The Bush administration Monday tried to increase pressure on Russia to halt the supply of nuclear energy technology to Iran, citing a recent finding by a U.N. board that Tehran is in violation of its commitment to disclose its nuclear activities.
Stephen G. Rademaker, the acting U.S. assistant secretary of state for international security and nonproliferation, said governments needed to rethink their nuclear trade policies in light of the Sept. 24 decision by the board of the International Atomic Energy Agency. The 35-member board declared Tehran in "noncompliance" with its obligations to report advances in its nuclear programs.
"We hope that all governments will take note of the board's finding of noncompliance and adjust their national policies accordingly," Rademaker said in a speech to the General Assembly disarmament committee. "We think it self-evident, for example, that, in the face of such a finding, no government should permit new nuclear transfers to Iran, and all ongoing nuclear projects should be frozen." Rademaker did not identify Russia by name, but that country is Iran's main nuclear trading partner. The Bush administration has sought for years to end that trade.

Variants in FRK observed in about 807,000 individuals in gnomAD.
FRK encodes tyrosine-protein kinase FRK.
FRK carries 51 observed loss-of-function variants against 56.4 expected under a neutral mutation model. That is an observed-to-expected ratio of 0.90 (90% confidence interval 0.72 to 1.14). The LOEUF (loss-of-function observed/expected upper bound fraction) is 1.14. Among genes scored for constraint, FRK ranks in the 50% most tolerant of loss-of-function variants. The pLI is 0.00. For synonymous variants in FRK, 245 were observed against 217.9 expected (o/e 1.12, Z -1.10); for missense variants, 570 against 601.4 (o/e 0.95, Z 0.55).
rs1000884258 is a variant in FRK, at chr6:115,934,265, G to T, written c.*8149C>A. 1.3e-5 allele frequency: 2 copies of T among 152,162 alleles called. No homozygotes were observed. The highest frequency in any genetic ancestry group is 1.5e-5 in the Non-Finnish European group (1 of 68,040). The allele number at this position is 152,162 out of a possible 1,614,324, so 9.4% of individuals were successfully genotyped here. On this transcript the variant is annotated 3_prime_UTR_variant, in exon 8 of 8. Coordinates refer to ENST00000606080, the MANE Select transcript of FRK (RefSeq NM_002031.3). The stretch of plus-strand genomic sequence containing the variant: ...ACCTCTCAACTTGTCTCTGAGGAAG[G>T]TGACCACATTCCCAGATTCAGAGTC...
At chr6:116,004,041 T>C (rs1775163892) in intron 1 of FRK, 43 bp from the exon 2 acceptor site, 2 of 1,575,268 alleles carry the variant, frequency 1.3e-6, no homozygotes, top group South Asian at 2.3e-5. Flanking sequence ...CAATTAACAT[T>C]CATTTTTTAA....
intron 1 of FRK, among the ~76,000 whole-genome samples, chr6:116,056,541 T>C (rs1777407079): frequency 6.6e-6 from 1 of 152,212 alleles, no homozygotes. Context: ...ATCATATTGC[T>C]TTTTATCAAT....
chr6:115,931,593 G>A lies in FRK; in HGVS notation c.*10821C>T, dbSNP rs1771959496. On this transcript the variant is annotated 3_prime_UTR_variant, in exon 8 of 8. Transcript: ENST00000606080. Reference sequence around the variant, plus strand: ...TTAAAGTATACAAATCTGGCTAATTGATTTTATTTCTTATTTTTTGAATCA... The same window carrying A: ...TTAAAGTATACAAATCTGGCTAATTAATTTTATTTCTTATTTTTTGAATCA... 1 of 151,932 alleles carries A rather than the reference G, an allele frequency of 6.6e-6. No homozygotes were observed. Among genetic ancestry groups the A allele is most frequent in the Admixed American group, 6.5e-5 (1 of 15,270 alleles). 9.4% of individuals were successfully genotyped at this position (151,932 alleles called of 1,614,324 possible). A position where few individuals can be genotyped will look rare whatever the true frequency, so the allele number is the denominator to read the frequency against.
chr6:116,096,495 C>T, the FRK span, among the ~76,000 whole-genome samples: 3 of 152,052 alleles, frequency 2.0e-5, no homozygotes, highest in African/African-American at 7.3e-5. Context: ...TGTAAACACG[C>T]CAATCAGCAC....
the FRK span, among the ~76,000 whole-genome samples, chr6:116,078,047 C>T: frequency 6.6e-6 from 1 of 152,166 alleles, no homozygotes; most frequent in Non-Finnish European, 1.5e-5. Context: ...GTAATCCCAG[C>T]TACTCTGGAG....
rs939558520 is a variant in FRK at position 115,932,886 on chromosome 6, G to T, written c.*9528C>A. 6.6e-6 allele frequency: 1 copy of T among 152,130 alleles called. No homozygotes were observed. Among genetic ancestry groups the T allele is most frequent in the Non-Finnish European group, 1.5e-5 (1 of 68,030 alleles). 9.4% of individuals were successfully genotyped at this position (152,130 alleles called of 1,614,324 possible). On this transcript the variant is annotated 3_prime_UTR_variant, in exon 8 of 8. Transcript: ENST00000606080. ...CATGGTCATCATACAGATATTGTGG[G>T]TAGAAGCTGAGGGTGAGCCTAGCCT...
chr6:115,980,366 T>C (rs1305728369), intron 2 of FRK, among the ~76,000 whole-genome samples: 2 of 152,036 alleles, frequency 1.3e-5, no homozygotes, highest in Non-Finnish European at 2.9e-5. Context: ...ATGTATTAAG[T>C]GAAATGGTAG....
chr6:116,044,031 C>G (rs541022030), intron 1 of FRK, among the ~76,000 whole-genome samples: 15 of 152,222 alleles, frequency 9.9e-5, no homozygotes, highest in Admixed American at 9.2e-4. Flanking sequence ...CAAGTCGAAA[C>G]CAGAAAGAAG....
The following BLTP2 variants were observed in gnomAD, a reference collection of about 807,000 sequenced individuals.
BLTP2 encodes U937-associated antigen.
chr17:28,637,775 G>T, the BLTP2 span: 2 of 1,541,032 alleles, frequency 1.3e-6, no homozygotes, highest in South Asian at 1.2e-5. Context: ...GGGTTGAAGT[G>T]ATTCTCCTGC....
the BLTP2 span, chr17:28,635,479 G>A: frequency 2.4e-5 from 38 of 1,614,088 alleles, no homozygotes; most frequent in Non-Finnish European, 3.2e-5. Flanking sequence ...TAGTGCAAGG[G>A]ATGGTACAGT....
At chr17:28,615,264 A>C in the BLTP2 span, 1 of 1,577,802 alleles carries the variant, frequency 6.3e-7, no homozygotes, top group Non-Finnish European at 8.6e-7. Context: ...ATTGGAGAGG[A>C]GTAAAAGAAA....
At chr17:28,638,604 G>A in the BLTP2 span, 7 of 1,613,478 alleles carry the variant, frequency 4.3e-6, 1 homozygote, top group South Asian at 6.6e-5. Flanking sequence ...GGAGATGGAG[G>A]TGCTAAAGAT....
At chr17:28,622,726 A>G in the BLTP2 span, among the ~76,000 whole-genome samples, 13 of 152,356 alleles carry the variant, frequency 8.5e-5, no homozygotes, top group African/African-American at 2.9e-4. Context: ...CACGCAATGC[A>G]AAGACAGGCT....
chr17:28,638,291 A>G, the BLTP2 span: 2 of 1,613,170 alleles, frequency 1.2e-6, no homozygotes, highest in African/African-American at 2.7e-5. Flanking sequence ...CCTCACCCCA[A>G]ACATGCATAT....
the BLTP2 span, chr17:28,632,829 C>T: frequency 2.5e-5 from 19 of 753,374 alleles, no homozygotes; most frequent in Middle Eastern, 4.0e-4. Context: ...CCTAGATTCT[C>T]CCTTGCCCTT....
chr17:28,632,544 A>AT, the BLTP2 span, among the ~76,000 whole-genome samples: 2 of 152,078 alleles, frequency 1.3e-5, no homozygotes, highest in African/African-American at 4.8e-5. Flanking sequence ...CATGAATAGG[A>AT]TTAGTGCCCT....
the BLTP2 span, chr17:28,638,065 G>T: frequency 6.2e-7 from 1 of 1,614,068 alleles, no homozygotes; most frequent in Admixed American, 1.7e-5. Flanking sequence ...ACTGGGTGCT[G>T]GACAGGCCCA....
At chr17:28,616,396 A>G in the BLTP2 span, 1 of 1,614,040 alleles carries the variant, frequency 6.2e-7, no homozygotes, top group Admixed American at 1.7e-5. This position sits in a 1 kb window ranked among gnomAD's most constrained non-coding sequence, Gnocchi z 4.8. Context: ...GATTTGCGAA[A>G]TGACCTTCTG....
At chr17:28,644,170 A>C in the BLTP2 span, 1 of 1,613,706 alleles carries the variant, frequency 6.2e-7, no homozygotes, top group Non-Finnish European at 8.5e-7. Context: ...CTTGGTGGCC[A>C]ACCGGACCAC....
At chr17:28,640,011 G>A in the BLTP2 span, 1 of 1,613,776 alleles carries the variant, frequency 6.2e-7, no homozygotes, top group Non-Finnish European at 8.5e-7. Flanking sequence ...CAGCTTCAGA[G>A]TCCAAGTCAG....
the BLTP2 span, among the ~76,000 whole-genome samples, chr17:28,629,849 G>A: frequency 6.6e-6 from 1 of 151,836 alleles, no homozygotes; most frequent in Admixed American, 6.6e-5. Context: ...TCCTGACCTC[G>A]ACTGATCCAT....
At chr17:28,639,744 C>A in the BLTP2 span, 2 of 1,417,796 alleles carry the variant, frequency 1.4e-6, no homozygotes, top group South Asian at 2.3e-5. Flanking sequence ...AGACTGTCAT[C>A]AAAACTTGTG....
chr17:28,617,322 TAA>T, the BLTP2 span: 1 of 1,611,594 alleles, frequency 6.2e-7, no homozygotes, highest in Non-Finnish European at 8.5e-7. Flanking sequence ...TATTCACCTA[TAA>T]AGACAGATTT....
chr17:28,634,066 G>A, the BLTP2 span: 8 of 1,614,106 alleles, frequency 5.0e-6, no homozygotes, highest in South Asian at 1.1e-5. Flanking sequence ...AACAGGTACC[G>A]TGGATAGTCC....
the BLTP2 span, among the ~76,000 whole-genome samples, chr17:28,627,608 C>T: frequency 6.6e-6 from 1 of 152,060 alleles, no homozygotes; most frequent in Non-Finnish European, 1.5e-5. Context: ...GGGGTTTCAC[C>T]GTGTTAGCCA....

Rademaker urged Iran to resume negotiations with France, Germany and Britain, which are seeking assurances from Tehran that it has forsworn nuclear arms in exchange for a commitment to supply the country with nuclear fuel.
Russia maintains extensive nuclear trade ties with Iran, participating in an $800 million reactor construction program in the city of Bushehr.
While the Bush administration opposes Iran's construction of the Bushehr reactor, it has shown support for a Russian agreement to ship all reprocessed fuel rods back to Russia. One U.S. official, who spoke on condition of anonymity, said Rademaker's speech marked "a departure from that approach."
A spokesman for the Russian mission to the United Nations, Sergei Trepelkov, said Russia was committed to ensuring Iran remains free of nuclear weapons. "Iran is on our border," he said. "We are the first interested in seeing that Iran will never get nuclear weapons."
Iran is permitted to import nuclear technology to build a peaceful energy program, and it says emphatically that its atomic program is not aimed at making weapons. But Iran is required by the nuclear Non-Proliferation Treaty to disclose its nuclear plans and to permit inspections by the IAEA.
Staff writer Dafna Linzer in New York contributed to this report.